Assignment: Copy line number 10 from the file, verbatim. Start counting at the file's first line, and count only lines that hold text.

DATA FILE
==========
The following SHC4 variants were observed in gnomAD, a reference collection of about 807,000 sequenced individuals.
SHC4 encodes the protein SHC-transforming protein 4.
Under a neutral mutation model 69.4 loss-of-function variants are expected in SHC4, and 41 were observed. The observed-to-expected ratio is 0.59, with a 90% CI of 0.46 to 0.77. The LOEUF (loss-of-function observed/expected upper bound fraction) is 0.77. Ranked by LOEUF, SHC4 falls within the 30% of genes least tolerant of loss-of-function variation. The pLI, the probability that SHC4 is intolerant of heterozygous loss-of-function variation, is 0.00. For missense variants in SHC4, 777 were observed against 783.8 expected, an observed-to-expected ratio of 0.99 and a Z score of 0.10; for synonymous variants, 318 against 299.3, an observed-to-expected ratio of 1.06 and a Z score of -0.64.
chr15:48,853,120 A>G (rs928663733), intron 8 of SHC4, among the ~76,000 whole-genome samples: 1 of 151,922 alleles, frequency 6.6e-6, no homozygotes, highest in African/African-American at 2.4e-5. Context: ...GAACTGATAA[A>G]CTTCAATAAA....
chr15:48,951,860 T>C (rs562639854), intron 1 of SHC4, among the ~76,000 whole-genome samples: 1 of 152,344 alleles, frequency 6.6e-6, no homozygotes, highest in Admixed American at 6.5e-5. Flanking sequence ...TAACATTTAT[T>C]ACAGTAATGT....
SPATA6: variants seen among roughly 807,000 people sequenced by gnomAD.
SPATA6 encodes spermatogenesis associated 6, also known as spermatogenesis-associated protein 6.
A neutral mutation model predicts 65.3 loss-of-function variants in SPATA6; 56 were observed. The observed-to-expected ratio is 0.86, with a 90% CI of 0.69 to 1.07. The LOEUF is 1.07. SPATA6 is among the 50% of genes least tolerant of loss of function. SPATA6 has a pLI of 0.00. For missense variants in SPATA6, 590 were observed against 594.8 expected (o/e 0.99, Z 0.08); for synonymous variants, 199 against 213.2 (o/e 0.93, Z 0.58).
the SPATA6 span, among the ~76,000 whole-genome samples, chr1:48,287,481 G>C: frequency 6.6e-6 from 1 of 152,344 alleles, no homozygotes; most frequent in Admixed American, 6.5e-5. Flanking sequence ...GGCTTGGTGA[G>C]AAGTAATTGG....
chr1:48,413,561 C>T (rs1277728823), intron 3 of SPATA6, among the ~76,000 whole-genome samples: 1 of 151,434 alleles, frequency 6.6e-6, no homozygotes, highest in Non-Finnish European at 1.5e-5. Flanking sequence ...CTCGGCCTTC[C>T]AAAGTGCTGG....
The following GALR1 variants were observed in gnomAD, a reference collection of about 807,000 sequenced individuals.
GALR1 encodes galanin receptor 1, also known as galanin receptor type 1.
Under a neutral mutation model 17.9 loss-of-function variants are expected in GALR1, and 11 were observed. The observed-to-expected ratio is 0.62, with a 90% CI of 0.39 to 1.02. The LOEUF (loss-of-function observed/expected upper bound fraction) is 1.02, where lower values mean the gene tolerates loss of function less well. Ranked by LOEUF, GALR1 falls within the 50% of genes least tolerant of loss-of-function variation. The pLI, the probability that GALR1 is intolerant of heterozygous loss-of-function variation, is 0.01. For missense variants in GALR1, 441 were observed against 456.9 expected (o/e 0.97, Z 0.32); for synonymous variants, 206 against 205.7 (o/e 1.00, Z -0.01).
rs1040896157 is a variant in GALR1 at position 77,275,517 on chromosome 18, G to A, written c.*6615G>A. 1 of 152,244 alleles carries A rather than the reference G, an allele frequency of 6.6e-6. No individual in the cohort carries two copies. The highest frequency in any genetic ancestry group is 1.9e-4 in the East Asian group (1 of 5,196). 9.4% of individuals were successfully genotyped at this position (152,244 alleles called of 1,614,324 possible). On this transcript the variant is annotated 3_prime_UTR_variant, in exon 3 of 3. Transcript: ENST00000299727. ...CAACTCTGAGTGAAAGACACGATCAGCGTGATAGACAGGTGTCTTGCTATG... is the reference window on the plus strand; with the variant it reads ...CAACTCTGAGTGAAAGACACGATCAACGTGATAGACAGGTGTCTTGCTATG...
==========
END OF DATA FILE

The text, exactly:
chr1:48,413,561 C>T (rs1277728823), intron 3 of SPATA6, among the ~76,000 whole-genome samples: 1 of 151,434 alleles, frequency 6.6e-6, no homozygotes, highest in Non-Finnish European at 1.5e-5. Flanking sequence ...CTCGGCCTTC[C>T]AAAGTGCTGG....